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ADHD Superthread repost 

Most people are under the impression ADHD is somehow a 'deficit of attention,' but it could equally and quite appropriately be framed as having higher than normal neurological requirements for stimuli.

When ADHD kids especially seem to bounce from subject to subject "mindlessly," what they're doing is not just randomly slopping through whatever without paying attention. They're running through lists of potentially stimulating subjects until they find one that suits their high requirements.

ADHD 

This isn't conscious, this is a literal description of how attention functions. Dopamine and norepinephrine reuptake seem at the time of this writing to be the 'key' matters for ADHD treatment. They're responsible for continuing to focus on a particular subject, train of thought, etc. Reuptake is basically your brain clearing those used messaging molecules from your system. Too much reuptake and your chemical signals will be hampered. You get more from higher stimulation, that is stimulation.

ADHD people, then, require high degrees of stimulation, they require a sustained stimulus across time, because otherwise if some future' stimulus is not rewarding, ADHD people are 'time-blind,' not planners. Consider how readily people who are ADHD take up a subject like video games. Why is that? Because video games are very frequently designed to provide as much stimulation as they can manage at any given moment, both in terms of giving attention and, crucially, responses to input.

ADHD Superthread repost 

When ADHD kids are exposed to video games (or anything stimulating enough), assuming the game is decent enough, the kids seem to exhibit the exact opposite of attention deficit: they will pay inordinate amounts of attention to those video games, because those are the most stimulating things around, in fact, they are to the ADHD kids the only stimulating things around, so they have very little incentive to stop these behaviors.

Most everyone who spends enough time online or on a phone can empathize with this, even though they aren't necessarily ADHD otherwise, because things which are designed to be total attention vortices act a little bit even to normal people like 'ADHD simulators,' in the sense that they provide strong incentive to continue paying conscious attention to them and to spend time thinking about them and in that mode.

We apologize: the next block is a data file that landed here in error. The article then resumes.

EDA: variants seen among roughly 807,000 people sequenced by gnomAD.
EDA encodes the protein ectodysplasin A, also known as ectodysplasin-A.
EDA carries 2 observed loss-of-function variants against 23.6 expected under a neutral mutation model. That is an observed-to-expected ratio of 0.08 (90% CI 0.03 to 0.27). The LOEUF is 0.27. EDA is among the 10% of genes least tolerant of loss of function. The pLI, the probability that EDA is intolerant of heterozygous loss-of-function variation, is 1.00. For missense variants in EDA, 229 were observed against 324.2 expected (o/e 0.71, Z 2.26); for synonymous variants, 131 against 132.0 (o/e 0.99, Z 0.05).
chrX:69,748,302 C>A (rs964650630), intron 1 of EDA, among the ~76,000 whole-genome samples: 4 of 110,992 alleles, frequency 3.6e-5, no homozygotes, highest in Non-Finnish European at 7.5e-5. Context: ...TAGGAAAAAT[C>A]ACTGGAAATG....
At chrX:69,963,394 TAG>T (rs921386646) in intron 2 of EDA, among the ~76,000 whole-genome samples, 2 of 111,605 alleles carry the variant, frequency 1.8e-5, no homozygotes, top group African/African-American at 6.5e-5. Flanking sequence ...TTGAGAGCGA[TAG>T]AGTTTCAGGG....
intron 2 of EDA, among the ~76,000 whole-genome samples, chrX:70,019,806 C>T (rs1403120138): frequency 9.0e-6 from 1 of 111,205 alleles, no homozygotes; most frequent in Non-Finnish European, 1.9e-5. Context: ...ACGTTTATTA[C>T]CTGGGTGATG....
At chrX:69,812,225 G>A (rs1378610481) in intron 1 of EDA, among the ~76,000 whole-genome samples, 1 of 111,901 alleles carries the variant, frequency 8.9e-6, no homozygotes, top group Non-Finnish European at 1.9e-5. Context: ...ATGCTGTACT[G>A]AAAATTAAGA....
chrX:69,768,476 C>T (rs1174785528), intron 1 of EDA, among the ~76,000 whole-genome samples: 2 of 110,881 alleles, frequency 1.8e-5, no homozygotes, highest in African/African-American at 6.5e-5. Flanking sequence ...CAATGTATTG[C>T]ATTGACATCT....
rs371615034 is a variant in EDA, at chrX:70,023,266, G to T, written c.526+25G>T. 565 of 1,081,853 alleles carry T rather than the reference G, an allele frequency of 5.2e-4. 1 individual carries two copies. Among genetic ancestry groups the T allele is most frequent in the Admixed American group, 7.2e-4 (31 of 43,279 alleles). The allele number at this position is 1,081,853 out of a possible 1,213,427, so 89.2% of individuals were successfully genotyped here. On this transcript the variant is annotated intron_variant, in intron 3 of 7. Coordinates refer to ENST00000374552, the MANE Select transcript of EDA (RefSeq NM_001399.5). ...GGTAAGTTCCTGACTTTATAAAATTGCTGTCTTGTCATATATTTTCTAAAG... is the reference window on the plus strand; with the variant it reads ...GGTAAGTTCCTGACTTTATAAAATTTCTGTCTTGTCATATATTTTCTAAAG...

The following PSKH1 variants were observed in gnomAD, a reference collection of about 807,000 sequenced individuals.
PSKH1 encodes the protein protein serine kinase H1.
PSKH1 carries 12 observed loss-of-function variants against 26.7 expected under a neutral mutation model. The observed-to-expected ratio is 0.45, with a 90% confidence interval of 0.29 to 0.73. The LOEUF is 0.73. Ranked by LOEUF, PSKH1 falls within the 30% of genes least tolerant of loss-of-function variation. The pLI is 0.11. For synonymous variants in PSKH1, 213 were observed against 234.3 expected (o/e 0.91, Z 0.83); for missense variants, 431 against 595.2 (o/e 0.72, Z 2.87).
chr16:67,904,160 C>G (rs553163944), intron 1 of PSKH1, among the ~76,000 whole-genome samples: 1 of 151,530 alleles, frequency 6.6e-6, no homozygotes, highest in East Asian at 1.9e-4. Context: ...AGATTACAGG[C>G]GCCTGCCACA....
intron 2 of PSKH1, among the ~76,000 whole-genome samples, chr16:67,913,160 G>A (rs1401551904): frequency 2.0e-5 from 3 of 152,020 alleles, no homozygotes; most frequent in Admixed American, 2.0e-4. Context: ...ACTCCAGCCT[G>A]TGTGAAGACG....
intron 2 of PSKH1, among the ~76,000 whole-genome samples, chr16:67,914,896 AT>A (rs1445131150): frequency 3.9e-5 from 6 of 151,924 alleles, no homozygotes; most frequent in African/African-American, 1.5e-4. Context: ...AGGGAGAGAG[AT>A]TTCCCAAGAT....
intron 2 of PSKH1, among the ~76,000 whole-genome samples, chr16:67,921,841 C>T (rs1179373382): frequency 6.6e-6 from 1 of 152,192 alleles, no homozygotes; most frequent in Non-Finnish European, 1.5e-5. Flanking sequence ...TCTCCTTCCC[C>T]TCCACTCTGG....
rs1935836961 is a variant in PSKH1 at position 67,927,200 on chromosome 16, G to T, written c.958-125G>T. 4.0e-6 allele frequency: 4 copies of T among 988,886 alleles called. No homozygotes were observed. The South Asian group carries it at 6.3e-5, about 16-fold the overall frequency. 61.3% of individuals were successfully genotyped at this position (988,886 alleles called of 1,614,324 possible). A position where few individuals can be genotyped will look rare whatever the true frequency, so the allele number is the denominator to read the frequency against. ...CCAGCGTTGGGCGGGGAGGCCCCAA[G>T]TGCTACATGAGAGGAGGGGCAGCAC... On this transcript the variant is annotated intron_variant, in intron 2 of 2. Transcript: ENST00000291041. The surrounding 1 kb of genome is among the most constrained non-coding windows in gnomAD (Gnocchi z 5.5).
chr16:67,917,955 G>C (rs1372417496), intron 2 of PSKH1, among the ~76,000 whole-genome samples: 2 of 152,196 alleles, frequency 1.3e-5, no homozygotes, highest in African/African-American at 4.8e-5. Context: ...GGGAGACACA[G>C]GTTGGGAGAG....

ADHD Superthread repost 

Naturally many of these people who do spend enough time online or on a phone are also ADHD, disproportionately so, because if it's an attention sink even for someone who isn't ADHD, you better believe it probably plays a very strong role in the lives of many people with ADHD, for whom these things are some of the only stable sources of dopamine and norepinephrine.

We can, then, establish that there is an overlap between ADHD and autism that is more than just some "coincidental" comorbidity. "Hyperfixation," long associated with autism spectrum diagnoses, is really the thing that characterizes ADHD, it's just seen from "the other direction." Hyperfixation is the turning of attention back to one stimulus continuously, repeatedly, habitually, whereas "attention deficit" is running through immediate stimuli until a suitable subject of fixation is found.

ADHD Superthread repost, meds mentioned here 

The mechanism behind medication for ADHD is one which addresses the shortage of dopamine and norepinephrine by preventing reuptake, thereby preventing the problem of low levels in the first place. The result is that, especially at first before the development of a tolerance, tasks "seem to do themselves," because instead of having to continue stimulation-seeking behaviors, the brain decides "oh, actually this is stimulating enough, I can keep doing this." It's automatic, it's not conscious.